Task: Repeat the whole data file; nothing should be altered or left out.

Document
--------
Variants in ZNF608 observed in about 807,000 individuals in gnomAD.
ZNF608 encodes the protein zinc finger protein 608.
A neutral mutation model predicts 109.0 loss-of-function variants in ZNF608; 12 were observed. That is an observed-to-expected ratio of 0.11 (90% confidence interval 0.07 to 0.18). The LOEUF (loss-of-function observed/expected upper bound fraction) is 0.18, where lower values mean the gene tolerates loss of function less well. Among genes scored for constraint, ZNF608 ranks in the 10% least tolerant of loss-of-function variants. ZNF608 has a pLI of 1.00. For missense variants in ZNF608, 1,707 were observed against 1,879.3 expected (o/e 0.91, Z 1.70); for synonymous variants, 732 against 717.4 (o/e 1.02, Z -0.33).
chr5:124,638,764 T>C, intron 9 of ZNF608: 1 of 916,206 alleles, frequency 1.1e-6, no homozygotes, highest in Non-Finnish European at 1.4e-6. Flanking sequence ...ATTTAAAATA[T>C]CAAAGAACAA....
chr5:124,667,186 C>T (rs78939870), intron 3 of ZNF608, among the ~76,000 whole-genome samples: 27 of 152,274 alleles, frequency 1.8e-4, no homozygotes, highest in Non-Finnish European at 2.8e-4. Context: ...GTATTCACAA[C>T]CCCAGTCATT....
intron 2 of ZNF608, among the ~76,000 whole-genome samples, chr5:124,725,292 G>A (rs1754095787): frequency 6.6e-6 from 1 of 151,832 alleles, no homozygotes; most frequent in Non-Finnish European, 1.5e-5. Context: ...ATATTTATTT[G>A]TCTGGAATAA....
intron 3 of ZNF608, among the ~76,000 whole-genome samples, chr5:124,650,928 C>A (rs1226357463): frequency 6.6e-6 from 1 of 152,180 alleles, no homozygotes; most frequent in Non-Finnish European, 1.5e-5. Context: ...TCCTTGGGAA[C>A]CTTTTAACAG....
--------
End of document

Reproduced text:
Variants in ZNF608 observed in about 807,000 individuals in gnomAD.
ZNF608 encodes the protein zinc finger protein 608.
A neutral mutation model predicts 109.0 loss-of-function variants in ZNF608; 12 were observed. That is an observed-to-expected ratio of 0.11 (90% confidence interval 0.07 to 0.18). The LOEUF (loss-of-function observed/expected upper bound fraction) is 0.18, where lower values mean the gene tolerates loss of function less well. Among genes scored for constraint, ZNF608 ranks in the 10% least tolerant of loss-of-function variants. ZNF608 has a pLI of 1.00. For missense variants in ZNF608, 1,707 were observed against 1,879.3 expected (o/e 0.91, Z 1.70); for synonymous variants, 732 against 717.4 (o/e 1.02, Z -0.33).
chr5:124,638,764 T>C, intron 9 of ZNF608: 1 of 916,206 alleles, frequency 1.1e-6, no homozygotes, highest in Non-Finnish European at 1.4e-6. Flanking sequence ...ATTTAAAATA[T>C]CAAAGAACAA....
chr5:124,667,186 C>T (rs78939870), intron 3 of ZNF608, among the ~76,000 whole-genome samples: 27 of 152,274 alleles, frequency 1.8e-4, no homozygotes, highest in Non-Finnish European at 2.8e-4. Context: ...GTATTCACAA[C>T]CCCAGTCATT....
intron 2 of ZNF608, among the ~76,000 whole-genome samples, chr5:124,725,292 G>A (rs1754095787): frequency 6.6e-6 from 1 of 151,832 alleles, no homozygotes; most frequent in Non-Finnish European, 1.5e-5. Context: ...ATATTTATTT[G>A]TCTGGAATAA....
intron 3 of ZNF608, among the ~76,000 whole-genome samples, chr5:124,650,928 C>A (rs1226357463): frequency 6.6e-6 from 1 of 152,180 alleles, no homozygotes; most frequent in Non-Finnish European, 1.5e-5. Context: ...TCCTTGGGAA[C>A]CTTTTAACAG....